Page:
Beginning January 1, 2020, Maine requires all employers with more 10 employees to allow 40 hours of
paid leave annually. The State has issued final guidelines, along with an informative FAQ that can be
found at https://www.maine.gov/labor/docs/2020/laborlaws/CombinedEarnedPaidLeaveFAQs.pdf.
The following are some important take-aways from Local Economy Payroll’s review of the law, and some
occasional commentary about how we will advise our clients to interpret the regulations. Please know
that we are not lawyers nor are we offering legal advice:

     Employees: To determine if you have more than 10 employees, review your quarterly report to the
Maine Bureau of Unemployment Compensation. If you list more than 10 employees, you are required
to provide paid leave.


Paid Leave Rate of Pay: The rate of pay earned during paid leave will be the same as the regular hourly
rate paid to the employee the prior week. The regular hourly rate, in this instance, includes “earnings,
bonuses, commissions and other compensation that is paid or due based on actual work performed”.
We interpret this to mean that, if an employee earned a bonus or commission for work performed in the
previous week, those earnings would be included in the paid leave rate. We do not believe it means that
a bonus paid for performance during the previous quarter or similar period would be included.
Employees who work in restaurants that are subject to the tip credit must be paid the local minimum
wage during paid leave.

Amount of Paid Leave Earned: An employer with more than 10 employees must allow their employees to
earn 1 hour of paid leave for every 40 hours worked, up to a maximum of 40 hours annually under the
law. An employer can allow employees to earn more than 40 hours, but they must allow them at least
40 hours of paid leave if they work 1,600 hours during a 12-month period. Local Economy Payroll will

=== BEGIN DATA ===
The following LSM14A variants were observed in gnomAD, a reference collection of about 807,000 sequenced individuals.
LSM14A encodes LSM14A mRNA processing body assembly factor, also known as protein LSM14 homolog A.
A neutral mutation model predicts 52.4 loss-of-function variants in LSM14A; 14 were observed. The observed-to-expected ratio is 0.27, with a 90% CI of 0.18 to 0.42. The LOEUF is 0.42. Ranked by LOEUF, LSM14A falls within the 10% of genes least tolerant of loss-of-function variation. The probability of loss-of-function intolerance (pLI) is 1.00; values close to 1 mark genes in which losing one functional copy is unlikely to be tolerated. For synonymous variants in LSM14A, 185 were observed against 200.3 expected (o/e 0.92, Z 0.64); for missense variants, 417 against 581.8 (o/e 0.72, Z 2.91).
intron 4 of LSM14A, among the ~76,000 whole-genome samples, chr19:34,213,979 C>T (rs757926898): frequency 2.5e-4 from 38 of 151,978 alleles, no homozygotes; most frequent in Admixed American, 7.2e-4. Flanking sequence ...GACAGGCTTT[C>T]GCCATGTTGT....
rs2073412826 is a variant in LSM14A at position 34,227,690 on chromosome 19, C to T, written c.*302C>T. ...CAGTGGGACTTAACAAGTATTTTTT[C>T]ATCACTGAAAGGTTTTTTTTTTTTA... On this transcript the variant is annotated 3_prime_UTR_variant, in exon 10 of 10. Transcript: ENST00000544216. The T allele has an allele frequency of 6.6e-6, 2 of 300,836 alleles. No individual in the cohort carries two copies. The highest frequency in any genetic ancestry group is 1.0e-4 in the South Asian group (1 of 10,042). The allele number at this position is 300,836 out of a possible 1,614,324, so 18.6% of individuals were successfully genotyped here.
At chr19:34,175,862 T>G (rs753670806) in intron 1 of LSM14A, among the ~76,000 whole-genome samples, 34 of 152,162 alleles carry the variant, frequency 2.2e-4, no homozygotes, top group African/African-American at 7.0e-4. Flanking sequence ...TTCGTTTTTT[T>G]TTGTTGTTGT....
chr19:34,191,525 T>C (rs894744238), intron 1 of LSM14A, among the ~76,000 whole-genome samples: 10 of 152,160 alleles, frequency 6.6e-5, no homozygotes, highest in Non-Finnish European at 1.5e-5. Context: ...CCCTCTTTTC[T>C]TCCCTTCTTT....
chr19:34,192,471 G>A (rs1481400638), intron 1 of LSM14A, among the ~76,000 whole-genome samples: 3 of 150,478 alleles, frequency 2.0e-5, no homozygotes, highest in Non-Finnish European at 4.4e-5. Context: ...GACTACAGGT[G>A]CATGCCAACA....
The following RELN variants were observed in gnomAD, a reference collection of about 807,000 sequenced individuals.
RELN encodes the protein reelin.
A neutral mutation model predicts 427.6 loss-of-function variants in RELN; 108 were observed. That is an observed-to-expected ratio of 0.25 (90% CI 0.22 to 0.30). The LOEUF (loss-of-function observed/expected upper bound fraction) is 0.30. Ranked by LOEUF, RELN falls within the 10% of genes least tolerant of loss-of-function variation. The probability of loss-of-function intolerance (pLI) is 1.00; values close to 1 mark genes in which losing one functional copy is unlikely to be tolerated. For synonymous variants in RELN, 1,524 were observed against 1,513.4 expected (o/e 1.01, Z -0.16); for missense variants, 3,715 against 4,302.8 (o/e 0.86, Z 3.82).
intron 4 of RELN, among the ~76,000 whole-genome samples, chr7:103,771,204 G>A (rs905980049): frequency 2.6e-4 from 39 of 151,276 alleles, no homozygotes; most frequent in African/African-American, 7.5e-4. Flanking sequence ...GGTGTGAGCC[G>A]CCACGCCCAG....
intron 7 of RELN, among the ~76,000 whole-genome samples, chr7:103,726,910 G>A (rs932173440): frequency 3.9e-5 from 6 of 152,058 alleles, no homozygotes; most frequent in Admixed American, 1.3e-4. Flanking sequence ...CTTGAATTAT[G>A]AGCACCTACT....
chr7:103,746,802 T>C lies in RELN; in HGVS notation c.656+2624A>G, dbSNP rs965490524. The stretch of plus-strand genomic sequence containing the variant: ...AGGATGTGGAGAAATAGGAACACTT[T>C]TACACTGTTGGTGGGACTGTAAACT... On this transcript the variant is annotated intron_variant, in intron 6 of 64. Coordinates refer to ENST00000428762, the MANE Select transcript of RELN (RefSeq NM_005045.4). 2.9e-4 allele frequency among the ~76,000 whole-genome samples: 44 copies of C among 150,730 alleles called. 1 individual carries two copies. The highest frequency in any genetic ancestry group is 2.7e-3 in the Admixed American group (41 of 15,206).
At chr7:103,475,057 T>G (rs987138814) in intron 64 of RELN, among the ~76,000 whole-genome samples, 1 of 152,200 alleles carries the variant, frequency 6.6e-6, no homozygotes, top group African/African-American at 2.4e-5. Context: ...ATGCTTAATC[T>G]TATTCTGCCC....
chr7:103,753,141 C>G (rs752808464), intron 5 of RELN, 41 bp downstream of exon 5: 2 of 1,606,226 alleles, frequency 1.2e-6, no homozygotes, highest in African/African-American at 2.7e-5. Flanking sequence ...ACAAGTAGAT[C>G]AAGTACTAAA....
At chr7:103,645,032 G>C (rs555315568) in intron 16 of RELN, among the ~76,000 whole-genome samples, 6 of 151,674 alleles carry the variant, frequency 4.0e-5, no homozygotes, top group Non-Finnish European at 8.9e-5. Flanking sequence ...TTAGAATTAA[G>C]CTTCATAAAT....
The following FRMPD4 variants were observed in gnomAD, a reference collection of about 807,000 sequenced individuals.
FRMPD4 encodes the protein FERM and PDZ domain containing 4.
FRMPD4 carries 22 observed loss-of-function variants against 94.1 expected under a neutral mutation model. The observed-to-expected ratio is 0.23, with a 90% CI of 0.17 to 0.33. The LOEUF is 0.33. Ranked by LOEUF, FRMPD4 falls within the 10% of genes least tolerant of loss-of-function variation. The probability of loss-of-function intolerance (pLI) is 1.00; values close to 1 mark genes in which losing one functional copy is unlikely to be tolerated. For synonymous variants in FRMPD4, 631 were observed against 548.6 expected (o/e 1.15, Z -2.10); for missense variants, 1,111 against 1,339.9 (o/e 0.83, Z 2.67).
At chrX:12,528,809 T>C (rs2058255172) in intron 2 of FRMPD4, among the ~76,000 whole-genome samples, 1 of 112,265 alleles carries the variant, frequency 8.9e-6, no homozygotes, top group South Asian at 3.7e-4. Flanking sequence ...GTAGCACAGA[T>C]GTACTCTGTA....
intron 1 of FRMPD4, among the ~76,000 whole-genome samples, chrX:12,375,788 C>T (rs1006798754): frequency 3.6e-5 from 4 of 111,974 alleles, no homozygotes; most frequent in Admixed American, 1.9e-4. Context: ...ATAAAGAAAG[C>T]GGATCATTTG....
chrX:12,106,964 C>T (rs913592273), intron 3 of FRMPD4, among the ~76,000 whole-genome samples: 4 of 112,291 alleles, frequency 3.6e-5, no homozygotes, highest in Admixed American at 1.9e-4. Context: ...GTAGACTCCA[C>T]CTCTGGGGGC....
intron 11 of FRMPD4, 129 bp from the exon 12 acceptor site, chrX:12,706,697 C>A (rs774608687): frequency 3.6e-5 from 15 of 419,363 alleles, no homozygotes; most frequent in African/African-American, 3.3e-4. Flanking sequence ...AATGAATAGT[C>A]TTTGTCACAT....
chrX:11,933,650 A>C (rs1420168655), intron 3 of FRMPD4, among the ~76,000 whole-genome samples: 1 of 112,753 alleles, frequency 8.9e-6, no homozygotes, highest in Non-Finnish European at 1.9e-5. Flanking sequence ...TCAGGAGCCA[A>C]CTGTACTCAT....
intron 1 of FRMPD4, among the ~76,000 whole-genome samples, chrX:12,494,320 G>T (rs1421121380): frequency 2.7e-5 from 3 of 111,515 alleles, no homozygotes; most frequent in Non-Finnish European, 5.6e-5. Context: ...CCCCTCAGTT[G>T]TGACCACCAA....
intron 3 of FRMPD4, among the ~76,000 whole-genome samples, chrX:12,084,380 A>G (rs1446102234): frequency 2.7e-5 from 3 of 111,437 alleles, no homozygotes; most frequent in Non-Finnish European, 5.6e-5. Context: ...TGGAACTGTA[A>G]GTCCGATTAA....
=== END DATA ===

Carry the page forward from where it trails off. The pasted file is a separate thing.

use a rate of .025 hours of paid leave for every hour worked, up to 40 hours annually.


If You Already Have a Paid Leave or Paid Sick Time Policy: Employers can provide a paid leave policy
that is more generous than 1 hour for every 40 hours worked. However, if you currently have a policy
that provides 40 hours of paid leave annually, it will probably have to be adjusted to ensure that the
paid leave hours accrue to employees at a rate of 1 hour for every 40 hours worked. Local Economy
Payroll can help you make this adjustment.


Rules for Payment of Earned-but-Unused Paid Leave if an Employee Leaves the Company: The State of
Maine does not require employers to pay unused paid leave (accrued vacation or sick time) upon an
employee’s termination. HOWEVER, if you have a policy of paying vacation and/or sick time to
departing employees, you must compensate departing employees for accrued-but-unused paid leave as
well. Be sure to review your policies, and if you don’t pay terminated employees for accrued vacation
and/or sick time, it is advisable to put it in writing in your company’s employee handbook or elsewhere.
Qualifying for Paid Leave: The maximum amount of time that employees can be required to work
before they are allowed to take paid leave is 120 days, but paid leave begins to accrue on the first day of
employment.


Notification: Employees must give “reasonable notification” to their employers for an absence related
to illness, emergency, or sudden necessity. Local Economy Payroll advises that this pretty much means

that under these circumstances, no notice is required, aside from a phone call letting the employer
know that the employee will not be coming to work. Under non-illness or emergency circumstances,
the employer may require up to four weeks’ notice.